For my visit to a place that shall remain nameless, we started out with a bus ride of about three hours. We were to catch a “bush taxi” to go the rest of the way. A bush taxi in Burkina Fasso is a 21 passenger van/bus. There are bench seats that a supposed to seat three and a fold down seat in the “aisle” to get to the back seats, so you sit four across. The interiors are worn down to the bear metal on the sides and floor and the upholstery is worn and ripped. While we were waiting for the bush taxi it began to rain. We dashed to an outdoor restaurant where there were tables and chairs under a thatched roof. There was an elevated concrete floor, so we kept our feet dry, although we had to move the tables and our baggage to the other side of the platform when the wind began to blow the rain in. We ate and waited for about four hours for the bush taxi to appear. The road to the village was about two hours down a dirt road, full of potholes, which the driver attempted to dodge. It was a bumpy, exciting ride, if you like that sort of thing.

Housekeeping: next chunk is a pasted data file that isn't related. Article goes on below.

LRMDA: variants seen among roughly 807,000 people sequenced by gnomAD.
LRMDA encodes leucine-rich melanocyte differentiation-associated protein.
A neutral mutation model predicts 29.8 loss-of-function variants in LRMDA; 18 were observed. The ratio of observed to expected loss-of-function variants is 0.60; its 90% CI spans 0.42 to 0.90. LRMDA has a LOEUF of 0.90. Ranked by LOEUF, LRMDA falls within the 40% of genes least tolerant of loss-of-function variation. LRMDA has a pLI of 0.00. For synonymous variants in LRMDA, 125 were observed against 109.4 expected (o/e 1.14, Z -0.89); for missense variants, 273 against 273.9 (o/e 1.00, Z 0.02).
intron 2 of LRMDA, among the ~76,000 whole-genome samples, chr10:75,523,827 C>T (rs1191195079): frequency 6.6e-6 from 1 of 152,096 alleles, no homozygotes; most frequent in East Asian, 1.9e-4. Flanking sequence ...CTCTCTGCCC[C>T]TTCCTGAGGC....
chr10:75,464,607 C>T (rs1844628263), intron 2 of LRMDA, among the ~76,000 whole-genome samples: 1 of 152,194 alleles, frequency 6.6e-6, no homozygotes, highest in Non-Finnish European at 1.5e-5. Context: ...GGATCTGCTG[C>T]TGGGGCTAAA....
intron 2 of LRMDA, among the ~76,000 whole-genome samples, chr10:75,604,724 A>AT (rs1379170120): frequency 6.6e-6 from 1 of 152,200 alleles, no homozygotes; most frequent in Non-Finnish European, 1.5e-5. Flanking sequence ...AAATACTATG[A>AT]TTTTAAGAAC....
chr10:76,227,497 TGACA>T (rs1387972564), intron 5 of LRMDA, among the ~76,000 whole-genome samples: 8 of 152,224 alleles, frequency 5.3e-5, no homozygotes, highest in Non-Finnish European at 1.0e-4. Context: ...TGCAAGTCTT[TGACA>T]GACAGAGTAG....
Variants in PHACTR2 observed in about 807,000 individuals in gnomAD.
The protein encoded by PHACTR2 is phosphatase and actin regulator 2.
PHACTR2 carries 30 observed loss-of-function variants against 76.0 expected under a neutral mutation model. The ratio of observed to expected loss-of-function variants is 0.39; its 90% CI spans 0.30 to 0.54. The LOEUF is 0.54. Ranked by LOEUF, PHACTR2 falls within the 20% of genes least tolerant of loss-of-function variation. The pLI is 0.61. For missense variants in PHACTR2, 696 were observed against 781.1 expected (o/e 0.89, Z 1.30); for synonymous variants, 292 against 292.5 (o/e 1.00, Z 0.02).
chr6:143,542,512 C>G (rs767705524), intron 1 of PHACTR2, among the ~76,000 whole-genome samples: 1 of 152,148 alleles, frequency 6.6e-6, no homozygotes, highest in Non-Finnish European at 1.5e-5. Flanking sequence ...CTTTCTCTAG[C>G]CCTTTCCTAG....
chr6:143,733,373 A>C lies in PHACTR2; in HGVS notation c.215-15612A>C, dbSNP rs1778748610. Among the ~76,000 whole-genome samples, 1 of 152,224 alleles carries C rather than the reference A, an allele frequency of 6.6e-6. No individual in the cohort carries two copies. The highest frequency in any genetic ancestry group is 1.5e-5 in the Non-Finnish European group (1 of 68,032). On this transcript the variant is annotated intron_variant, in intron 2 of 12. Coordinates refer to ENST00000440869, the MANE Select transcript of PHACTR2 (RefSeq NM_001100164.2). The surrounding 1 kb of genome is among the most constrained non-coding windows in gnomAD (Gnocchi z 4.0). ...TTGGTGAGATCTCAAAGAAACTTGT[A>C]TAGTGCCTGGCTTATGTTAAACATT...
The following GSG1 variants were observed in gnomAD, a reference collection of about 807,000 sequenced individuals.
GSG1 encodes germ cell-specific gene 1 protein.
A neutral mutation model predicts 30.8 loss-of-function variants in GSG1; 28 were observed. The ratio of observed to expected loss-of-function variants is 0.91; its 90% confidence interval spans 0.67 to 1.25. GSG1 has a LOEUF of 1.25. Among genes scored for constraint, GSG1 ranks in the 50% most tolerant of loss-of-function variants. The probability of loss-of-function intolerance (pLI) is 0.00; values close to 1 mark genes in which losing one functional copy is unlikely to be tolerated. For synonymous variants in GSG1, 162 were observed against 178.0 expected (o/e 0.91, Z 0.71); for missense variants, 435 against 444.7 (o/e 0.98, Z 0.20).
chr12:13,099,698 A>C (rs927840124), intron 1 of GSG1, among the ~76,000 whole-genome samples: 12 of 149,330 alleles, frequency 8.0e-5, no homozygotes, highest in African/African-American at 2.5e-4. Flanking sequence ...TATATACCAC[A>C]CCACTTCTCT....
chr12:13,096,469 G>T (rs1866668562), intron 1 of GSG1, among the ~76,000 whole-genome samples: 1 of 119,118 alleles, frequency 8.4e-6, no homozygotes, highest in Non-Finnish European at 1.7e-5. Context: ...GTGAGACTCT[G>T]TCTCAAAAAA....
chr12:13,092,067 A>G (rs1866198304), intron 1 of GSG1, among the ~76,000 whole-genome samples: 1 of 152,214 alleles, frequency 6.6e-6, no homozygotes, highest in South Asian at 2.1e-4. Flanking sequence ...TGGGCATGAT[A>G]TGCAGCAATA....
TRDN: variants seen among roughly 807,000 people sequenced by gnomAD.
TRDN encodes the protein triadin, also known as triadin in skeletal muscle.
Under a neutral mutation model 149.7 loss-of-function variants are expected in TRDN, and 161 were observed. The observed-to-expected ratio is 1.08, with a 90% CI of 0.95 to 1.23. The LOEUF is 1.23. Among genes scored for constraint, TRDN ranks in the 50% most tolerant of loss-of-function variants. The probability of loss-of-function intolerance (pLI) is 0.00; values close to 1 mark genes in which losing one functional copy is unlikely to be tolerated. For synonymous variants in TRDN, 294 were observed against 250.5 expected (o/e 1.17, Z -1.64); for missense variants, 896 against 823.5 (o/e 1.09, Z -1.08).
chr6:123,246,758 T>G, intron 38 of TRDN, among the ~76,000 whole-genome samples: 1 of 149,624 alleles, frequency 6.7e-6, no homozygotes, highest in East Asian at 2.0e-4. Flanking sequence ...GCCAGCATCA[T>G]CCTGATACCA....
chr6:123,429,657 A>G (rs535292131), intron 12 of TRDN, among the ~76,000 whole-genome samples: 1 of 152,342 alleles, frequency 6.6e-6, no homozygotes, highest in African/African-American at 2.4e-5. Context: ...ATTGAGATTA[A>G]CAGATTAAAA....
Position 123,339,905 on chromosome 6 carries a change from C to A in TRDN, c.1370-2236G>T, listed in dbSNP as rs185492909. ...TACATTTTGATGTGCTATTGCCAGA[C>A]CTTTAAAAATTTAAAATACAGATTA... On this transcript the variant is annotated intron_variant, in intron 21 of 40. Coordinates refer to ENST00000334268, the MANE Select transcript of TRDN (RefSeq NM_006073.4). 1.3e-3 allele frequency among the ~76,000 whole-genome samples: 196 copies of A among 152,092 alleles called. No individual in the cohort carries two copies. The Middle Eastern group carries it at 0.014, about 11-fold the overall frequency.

The Volunteer’s house was a bit away from the market which was the last stop on the route. We had lots of help from the village kids getting out things to her house. Her town does not have electricity and they get their water from the community pump. Cooking by the light of candles and head lamps was an adventure. Her house has three rooms and an indoor bathing place, for taking a bucket bath (more on that another time). The best thing was that she had a “hangar,” that is, an outdoor area under a straw roof. While the others slept in the stuffy, hot house, I put up my Tropic Screen tent and slept outside all three nights we were there. It was relatively cool and the fresh air was great for sleeping.

In the village we did the important things like greeting the people, including important people like the village chief, the equivalent of a superintendent of a large school district, and the police, as well as “just folks. Greeting people is very important here, and you talk to each person for a minute or two in a rather meaningless way, so it takes a lot of time. We saw the village school. In a room that had no light except what comes through the openings high up on the wall, and desks for maybe 40 students, they teach 120 first graders. Yes, one teacher, 120 students! It is amazing to me that any learning goes on at all.